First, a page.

2018 REGIONAL TRUSTEE MEETINGS SCHEDULED
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Saturday, April 21 • 10:00 am
Holderness Library, 866 US Route 3, Holderness

Suggested topics of discussion are hiring and evaluating the director process, working with a search committee, and issues shared by attendees. Contact Carol Snelling or Bert Saul.
 
 
Friday, May 4  •  12 noon
Monadnock Region Trustee Meeting
Frost Free Library, 28 Jaffrey Road (Route 124), Marlborough

 
Topics of discussion: the process of private fundraising for an expansion project; director evaluations (please bring samples of yours to share); trustee engagement on the board. Refreshments provided — bring a bag lunch. Contact Connie Kirwin.
 


Regional Meetings Update:  sixteen trustees attended the meeting on March 24, at the Pillsbury Library, Warner. At least six trustees were current board treasurers and the focus was predominately on handling finances although other issues were discussed. Everyone felt that it was a productive meeting. 

Ten trustees attended the meeting on April 3, at the Rodgers Memorial Library, Hudson. The discussion focused mainly on performance evaluations—an important management responsibility of all trustee boards. 


Thirteen trustees from seven towns attended the April 10 meeting at the Epsom Public Library. The focus of the discussion was on the Library Director job description and evaluation, with different approaches discussed and how the evaluation evolves as the director’s tenure lengthens.  

April 11: following a tour of the Kingston Community Library, the group of 18 trustees and one director shared how they conduct their library director's evaluation, including a 360 degree evaluation process. They also discussed a merit-based pay plan, evaluating wages with comparable libraries, defining the role of the director and the trustees to avoid the dangers of micro-managing, and other timely topics. A meeting in the Fall is being planned.

 

2017 NHLTA ANNUAL AWARDS WINNERS
Congratulations to the winners of the 2017 Annual Awards. These special individuals and groups have contributed to the excellence of New Hampshire libraries and have given exemplary service in connecting the library to their community. View list of winners to date since 2009.

LIBRARY of the YEAR: Hampstead Public Library
LILLIAN EDELMANN TRUSTEE of the YEAR: Terry Jillson White , Abbott Library, Sunapee
LIBRARY DIRECTOR of the YEAR: Lori Fisher, Baker Free Library, Bow
SUE PALMATIER AWARD for OUTSTANDING SUPPORT by a "FRIENDS OF THE LIBRARY" GROUP: Wilmot Public Library Friends Group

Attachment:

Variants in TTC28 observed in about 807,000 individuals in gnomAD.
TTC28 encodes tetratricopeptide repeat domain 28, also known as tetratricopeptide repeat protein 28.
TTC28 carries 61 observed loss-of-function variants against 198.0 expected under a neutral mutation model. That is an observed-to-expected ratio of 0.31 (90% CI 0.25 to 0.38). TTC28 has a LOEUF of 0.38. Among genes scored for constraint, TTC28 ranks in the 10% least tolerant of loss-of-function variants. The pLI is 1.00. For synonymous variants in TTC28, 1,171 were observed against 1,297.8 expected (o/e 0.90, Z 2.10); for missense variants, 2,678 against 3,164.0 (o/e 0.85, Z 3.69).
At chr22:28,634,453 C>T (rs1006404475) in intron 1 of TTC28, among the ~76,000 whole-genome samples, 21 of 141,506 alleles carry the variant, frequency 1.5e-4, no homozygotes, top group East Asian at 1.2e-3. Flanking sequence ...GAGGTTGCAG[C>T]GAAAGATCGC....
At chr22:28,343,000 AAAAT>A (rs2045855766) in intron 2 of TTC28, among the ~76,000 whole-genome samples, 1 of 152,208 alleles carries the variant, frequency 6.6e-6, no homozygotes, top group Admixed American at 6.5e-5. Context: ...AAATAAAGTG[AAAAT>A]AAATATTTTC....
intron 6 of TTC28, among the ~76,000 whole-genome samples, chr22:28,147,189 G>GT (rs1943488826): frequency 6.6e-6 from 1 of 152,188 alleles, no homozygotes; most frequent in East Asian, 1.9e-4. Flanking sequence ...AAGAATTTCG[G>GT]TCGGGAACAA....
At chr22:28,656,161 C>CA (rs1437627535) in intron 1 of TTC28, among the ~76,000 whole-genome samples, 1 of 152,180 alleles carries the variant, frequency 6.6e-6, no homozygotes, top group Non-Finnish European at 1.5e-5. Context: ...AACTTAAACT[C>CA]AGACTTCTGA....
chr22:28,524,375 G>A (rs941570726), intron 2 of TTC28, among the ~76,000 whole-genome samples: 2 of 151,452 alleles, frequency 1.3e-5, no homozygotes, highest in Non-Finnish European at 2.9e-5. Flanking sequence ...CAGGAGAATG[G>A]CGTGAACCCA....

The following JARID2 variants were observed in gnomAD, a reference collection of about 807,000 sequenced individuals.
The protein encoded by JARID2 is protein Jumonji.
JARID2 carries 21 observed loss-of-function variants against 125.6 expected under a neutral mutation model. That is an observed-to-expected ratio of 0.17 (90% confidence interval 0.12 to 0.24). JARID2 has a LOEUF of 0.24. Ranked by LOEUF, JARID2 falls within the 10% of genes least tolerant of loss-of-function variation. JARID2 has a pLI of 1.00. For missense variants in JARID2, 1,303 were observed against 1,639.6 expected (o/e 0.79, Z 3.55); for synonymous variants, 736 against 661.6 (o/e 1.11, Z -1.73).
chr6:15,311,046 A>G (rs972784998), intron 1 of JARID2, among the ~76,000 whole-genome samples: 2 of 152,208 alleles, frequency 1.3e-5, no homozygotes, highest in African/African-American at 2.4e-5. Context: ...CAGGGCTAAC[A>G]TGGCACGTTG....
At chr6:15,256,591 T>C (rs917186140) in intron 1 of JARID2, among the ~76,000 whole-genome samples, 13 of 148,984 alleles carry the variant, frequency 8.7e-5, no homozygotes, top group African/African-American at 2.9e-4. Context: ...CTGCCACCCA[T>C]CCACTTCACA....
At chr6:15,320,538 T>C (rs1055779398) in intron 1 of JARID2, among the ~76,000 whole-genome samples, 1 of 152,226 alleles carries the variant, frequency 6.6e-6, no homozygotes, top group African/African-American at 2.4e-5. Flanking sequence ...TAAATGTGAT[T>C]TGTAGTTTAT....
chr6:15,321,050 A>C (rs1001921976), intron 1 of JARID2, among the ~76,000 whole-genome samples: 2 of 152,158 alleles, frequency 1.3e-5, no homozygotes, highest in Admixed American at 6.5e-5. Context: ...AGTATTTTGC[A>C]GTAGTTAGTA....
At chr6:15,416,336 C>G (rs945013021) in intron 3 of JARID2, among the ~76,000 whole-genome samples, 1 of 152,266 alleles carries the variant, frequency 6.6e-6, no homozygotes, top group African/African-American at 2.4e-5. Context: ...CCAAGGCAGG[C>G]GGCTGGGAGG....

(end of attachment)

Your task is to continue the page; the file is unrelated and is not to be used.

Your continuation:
DOROTHY M. LITTLE AWARD: Adele Knight • Dublin Public Library
 




THE VALUE OF LIBRARIES POSTER


As printed in the Autumn 2017 NHLTA newsletter,
a poster size version of "Calculating the Value of Libraries" essay
by NH State Librarian, Michael York, is available for download.






 


Do you have a "Little Free Library"?

What is a Little Free Library? It's a "take a book, return a book" gathering place where neighbors share their favorite literature and stories. In its most basic form, a Little Free Library is a box full of books where anyone may stop by and pick up a book (or two) and bring back another book to share. More info at the "Little Free Library” website. Do you have a photo of your Little Free Library to share? Email it to Connie Kirwin.


Goffstown Public Library's Little Free Library located in Abingdon Park on Mast Road.
The photo is registered (#32863) with the Little Free Library and can be found on the national map on their website.


 

The Holderness Free Library has joined other libraries in New Hampshire in establishing a "Little Free Library." It is located at the town beach. The library keeps it stocked with donated and
surplus books. Beach goers have made great use of this addition.






Little Free Library at the Mary E. Bartlett Memorial Library
in Brentwood.






 


All roads lead to the library.





This delightful photo was taken at the
Concord Public Library, 45 Green Street
by NHLTA Director Marty Davis.






 

Cost effective, versatile, back-to-school item: the library card

Electronic tablets and smartphones can be important learning tools for today's students, but the most versatile item available to them is the same one their parents and grandparents used: the library card. Continue ...
 
Wilton-Gregg Free Library
The Wilton Public and Gregg Free Library is noted for its unique architecture and its majestic location on the hill overlooking the town center.  The library was built in 1907 with a generous donation by David Gregg of Wilton and is managed by a trust, with operational funding provided by the town.  Recent extensive renovations were funded 25% by the town and 75% by private donations.  This community project has resulted in increased usage, greater volunteer participation, and renewed activity of the Friends of the Library.  The library is becoming even more the hearth of the community.

There is a thriving art community in Wilton, and a special feature at the library is a rotating display of the works of many local artists. 

An exciting recent addition to the library is an on-line school edition of Encyclopedia Britannica to be shared by public and school library patrons.